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54. ἐν αὐτῇ τῇ ψυχῇ λαβόντα καὶ μαθόντα. λαμβάνειν ἐν (not εἰς) as in Rep. VII. 517A εἴ πως ἐν ταῖς χερσὶ δύναιντο λαβεῖν; Soph. 243C ταὐτὸν τοῦτο πάθος εἰληφότες ἐν τῇ ψυχῇ. For καὶ μαθόντα, which is explanatory of ἐν αὐτῇ τῇ ψυχῇ λαβόντα, see note on κυβεύῃς τε καὶ κινδυνεύῃς.

57. νέοι ὥστε τοσοῦτον. Heindorf quotes Eur. Andr. 80 γέρων ἐκεῖνος ὥστε σ᾽ ὠφελεῖν παρών, and points out that whereas νεώτεροι ὥστε would deny altogether τοῦ διελέσθαι δύναμις, the words νέοι ὥστε are less strong; nobis nonnisi iuvenilis quaedam facultas suppetit ad tantam rem diiudicandam. The best MSS. of Plato read ταὐτόν, τοιοῦτον, τοσοῦτον, etc., in the great majority of cases rather than ταὐτό, etc. Schanz (Preface to Laws, p. vi) thinks it probable that Plato always used the forms in -ν. In inscriptions of Plato's time τὸ αὐτό and τὸ αὐτόν occur side by side, but apparently only τοιοῦτον, τοσοῦτον. See Meisterhans, Grammatik der Griechischen Inschriften2, p. 122.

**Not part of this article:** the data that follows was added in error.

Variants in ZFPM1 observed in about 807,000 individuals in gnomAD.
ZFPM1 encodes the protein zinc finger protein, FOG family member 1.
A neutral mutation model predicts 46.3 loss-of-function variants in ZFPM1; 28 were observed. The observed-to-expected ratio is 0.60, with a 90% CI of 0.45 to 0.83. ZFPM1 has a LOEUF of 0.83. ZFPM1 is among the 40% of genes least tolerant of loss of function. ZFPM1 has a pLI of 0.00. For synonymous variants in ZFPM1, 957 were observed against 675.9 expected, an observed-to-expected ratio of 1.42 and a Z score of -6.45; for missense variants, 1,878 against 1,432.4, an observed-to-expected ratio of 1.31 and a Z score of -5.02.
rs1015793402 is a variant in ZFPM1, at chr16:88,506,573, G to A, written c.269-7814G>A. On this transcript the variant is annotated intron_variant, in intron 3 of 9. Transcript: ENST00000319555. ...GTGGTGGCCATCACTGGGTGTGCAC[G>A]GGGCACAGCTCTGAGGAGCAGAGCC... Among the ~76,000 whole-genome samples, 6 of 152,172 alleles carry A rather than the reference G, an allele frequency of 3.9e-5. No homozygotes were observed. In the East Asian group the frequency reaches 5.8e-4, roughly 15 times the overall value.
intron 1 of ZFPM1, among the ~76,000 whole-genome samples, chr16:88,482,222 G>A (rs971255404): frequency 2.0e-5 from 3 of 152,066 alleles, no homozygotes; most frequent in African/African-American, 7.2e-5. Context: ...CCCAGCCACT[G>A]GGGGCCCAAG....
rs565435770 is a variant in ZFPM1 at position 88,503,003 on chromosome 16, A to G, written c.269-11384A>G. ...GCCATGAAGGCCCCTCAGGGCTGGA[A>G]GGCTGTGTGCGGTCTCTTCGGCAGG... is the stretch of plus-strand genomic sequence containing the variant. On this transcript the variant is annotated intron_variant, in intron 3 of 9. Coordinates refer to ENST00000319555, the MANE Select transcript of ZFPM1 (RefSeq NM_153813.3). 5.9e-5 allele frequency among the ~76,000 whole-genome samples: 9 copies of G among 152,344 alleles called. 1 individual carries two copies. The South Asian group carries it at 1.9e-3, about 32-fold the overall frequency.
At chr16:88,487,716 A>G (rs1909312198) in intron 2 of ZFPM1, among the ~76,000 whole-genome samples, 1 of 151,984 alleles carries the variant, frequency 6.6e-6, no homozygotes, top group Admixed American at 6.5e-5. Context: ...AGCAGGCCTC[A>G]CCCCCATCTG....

61. Ἱππίας. Hippias of Elis was one of the most accomplished and—if we may trust the Platonic writings—ostentatious of the Sophists. According to the Hippias Maior (285B ff.) he claimed to be at home in all the learning of the day—in Astronomy, Geometry, Arithmetic, Philology, Music, Mythology, History and Archaeology. See Zeller's Philosophie der Griechen, I4, 956 ff.

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